CLIMATE ADAPTATION

I want to punch climate change in the face. A blog about the interactions between the built environment, people, and nature.


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Posts tagged "heartland institute"

"the petition from Forecast the Facts calling on GM to stop giving money to the Heartland Institute, a major player in climate change denialism, is having an effect. GM hasn’t promised to end its funding of the Institute’s School Reform News publication, which is dedicated to covering news about things like charter schools and vouchers, but GM CEO Dan Akerson recently told the Commonwealth Club in San Francisco that he is a believer in global warming and that he is committed to “taking another look at” the money that GM gives to Heartland.

The GM-Heartland connection came to light when internal Heartland documents were leaked by the Pacific Institute’s Peter Gleick. From them, we learned that the General Motors Foundation (GM’s charitable arm) made a $15,000 donation in 2011. In San Francisco, Forecast the Facts spurred the Commonwealth Club to ask Akerson about the connection through Facebook and in-person activism.

In response, Daniel Souweine, the director of Forecast the Facts issued a statement that said:

We are encouraged that CEO Dan Akerson has committed to review GM’s funding of the Heartland Institute. We hope that review leads to the result that more than 10,000 GM owners have been asking for: a public commitment by GM to stop funding Heartland immediately.”

More at Green Autoblog w/video interview with GM’s CEO Dan Akerson.

Denialgate has introduced the idea that high school curricula are for sale to the highest bidder. What other school lessons have been bought by industry???

curiositycounts:

From Climate Reality, a poignant and important PSA about climate denial in schools.

(via curiositycounts)

Mixed feelings abound as famed scientist admits to being the source of leaking the Heartland Institute’s internal climate denial strategy plus other documents. 

Since the release in mid-February of a series of documents related to the internal strategy of the Heartland Institute to cast doubt on climate science, there has been extensive speculation about the origin of the documents and intense discussion about what they reveal. Given the need for reliance on facts in the public climate debate, I am issuing the following statement.

At the beginning of 2012, I received an anonymous document in the mail describing what appeared to be details of the Heartland Institute’s climate program strategy. It contained information about their funders and the Institute’s apparent efforts to muddy public understanding about climate science and policy. I do not know the source of that original document but assumed it was sent to me because of my past exchanges with Heartland and because I was named in it.

Read the rest, here.

More excellent coverage of “denialgate.”

In the wake of reports linking theHeartland Institute to an alleged anti-science campaign, several scientists, as well as the President of the Union of Concerned Scientists, are publicly asking Heartland to to desist from spreading misinformation and attacking scientists. This news comes as 19 public corporations have been identified for supporting Heartland.

Scientists speak up:

  • At 3:24pm EST The Guardian published a report that linked to a letter from a group of climate scientists who have personally been on the receiving end of attacks from Heartland and bloggers funded by the thinktank, and whose email was posted online after a notorious 2009 hack, for Heartland to “recognise how its attacks on science and scientists have poisoned the debate about climate change policy.”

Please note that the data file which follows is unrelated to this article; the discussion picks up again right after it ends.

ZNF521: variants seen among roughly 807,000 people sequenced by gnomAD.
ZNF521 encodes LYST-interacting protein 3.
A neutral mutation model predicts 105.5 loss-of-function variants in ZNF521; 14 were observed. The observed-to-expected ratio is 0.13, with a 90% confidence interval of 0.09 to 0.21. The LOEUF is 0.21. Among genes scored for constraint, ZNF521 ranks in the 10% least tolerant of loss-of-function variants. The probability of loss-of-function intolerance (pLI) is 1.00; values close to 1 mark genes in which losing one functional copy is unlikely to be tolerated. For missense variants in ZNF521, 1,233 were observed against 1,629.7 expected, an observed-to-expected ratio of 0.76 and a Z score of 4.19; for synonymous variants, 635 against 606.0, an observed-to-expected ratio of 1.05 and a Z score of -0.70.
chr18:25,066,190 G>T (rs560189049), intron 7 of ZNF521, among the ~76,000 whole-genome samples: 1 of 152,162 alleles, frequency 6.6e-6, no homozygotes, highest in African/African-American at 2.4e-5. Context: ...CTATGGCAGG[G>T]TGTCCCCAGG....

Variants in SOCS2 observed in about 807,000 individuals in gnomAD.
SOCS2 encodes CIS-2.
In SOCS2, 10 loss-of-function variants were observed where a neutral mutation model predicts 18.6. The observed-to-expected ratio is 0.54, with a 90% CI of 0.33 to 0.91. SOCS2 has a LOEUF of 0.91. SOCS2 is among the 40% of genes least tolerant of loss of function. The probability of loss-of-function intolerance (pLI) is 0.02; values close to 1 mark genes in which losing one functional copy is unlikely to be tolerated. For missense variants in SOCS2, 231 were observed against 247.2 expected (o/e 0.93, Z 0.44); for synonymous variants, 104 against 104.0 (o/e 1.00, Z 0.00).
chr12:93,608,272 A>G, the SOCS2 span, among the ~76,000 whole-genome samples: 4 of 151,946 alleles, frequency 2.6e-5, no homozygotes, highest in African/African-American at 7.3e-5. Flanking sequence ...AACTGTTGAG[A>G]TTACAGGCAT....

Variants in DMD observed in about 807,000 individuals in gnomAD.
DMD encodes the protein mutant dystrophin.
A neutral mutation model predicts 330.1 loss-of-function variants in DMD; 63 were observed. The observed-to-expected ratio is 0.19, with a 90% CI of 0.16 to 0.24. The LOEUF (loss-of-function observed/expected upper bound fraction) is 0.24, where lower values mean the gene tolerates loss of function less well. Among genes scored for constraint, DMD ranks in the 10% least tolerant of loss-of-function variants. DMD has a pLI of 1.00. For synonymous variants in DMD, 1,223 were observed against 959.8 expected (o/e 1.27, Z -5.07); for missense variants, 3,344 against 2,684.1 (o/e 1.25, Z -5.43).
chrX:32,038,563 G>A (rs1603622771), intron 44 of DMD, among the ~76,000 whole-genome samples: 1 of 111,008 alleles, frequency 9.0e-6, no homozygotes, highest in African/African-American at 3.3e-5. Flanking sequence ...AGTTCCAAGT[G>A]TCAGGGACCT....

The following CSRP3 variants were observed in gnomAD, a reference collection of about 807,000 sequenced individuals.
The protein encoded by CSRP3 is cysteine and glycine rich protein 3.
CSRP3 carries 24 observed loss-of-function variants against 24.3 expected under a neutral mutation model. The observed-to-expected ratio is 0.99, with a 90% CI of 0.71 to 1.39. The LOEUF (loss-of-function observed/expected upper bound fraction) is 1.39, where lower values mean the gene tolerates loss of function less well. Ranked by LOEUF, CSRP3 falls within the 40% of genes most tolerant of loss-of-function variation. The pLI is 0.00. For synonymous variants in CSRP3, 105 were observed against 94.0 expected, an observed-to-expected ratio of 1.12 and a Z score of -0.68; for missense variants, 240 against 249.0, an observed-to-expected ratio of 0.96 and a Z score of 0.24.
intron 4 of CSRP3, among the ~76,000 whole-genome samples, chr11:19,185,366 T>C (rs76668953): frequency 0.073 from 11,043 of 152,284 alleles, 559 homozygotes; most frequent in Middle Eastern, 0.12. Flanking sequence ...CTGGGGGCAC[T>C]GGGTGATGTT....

• Also on Friday afternoon in the United States, UCS President Kevin Knobloch published a blog post on the Heartland documents that finishes with this quote: “Heartland called for ‘common decency and journalistic ethics.’  I couldn’t agree more.  But an even-handed application of either or both would never lead an organization to dream up a middle- and secondary-school curriculum that deceptively undermines the truth.”
19 Corporations revealed for supporting to Heartland
  • At 2:00pm EST Think Progress Green published a report revealing that the climate-denial think tank Heartland Institute received funding from at least 19 publicly traded corporations in 2010 and 2011. The companies’ combined contributions exceeded $1.3 million for an array of projects.
  • Some companies have issued statements about their contributions, but none have committed to ending their support for the Heartland Institute.
  • Diageo provided a small contribution (nearly two years ago) to Heartland Institute – related to an excise tax issue,” a spokesperson said. “We vigorously oppose climate skepticism and our actions are proof of this. We will be reviewing any further association with this organization.”
  • GSK absolutely does not endorse or support the Heartland Institute’s views on the environment and climate change,” a Glaxo Smith Kline spokesperson said. “We have in the past provided a small amount of funding to support the Institute’s healthcare newsletter and a meeting.”
  • General Motors defends the Heartland Institute as “careful and considerate,” even though the radical think tank has accused “Government Motors” of “corporate welfare-sucking” and told people to “never again buy a GM car or truck.””

Via TreeAlerts

Coverage of “denialgate” is increasing. Reblog if you can…

Heartland, which bills itself as anti-regulatory and libertarian, annually produces climate change “denier” conferences and pays expenses for elected officials to attend. For example, the budget shows that Heartland allocated $304,704 for scientists supporting its contrarian views in 2012.

One of these scientists is Fred S. Singer, a physicist and National Weather Bureau satellite center founder, who is said to receive $5,000 a month. The same day as the document leak, a science watchdog named John Mashey released a detailed investigation into Singer and his Science and Environmental Policy Project, indicating that he failed to properly fill out income forms for the foundation. Singer has previously worked with Heartland arguing that secondhand smoke is harmless. One of Heartland’s funders, according to the documents, is Phillip Morris.